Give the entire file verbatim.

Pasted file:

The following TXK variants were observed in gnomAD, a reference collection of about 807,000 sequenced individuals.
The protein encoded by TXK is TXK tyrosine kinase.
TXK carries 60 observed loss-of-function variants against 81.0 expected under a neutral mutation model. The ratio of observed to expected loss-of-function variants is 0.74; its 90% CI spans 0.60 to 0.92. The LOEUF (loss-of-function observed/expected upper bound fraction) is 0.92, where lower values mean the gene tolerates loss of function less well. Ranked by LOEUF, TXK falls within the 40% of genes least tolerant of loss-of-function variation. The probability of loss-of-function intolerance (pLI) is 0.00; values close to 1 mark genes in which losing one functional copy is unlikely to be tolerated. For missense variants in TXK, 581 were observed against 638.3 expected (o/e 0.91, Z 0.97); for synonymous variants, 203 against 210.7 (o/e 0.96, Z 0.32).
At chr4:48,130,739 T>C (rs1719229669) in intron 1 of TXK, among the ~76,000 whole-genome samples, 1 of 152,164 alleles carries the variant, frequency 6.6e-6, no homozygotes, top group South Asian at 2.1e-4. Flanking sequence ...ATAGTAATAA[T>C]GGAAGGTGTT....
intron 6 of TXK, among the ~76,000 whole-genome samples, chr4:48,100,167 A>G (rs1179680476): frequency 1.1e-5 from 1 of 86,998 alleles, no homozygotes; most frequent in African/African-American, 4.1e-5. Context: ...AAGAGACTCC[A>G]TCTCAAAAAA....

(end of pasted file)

The following TXK variants were observed in gnomAD, a reference collection of about 807,000 sequenced individuals.
The protein encoded by TXK is TXK tyrosine kinase.
TXK carries 60 observed loss-of-function variants against 81.0 expected under a neutral mutation model. The ratio of observed to expected loss-of-function variants is 0.74; its 90% CI spans 0.60 to 0.92. The LOEUF (loss-of-function observed/expected upper bound fraction) is 0.92, where lower values mean the gene tolerates loss of function less well. Ranked by LOEUF, TXK falls within the 40% of genes least tolerant of loss-of-function variation. The probability of loss-of-function intolerance (pLI) is 0.00; values close to 1 mark genes in which losing one functional copy is unlikely to be tolerated. For missense variants in TXK, 581 were observed against 638.3 expected (o/e 0.91, Z 0.97); for synonymous variants, 203 against 210.7 (o/e 0.96, Z 0.32).
At chr4:48,130,739 T>C (rs1719229669) in intron 1 of TXK, among the ~76,000 whole-genome samples, 1 of 152,164 alleles carries the variant, frequency 6.6e-6, no homozygotes, top group South Asian at 2.1e-4. Flanking sequence ...ATAGTAATAA[T>C]GGAAGGTGTT....
intron 6 of TXK, among the ~76,000 whole-genome samples, chr4:48,100,167 A>G (rs1179680476): frequency 1.1e-5 from 1 of 86,998 alleles, no homozygotes; most frequent in African/African-American, 4.1e-5. Context: ...AAGAGACTCC[A>G]TCTCAAAAAA....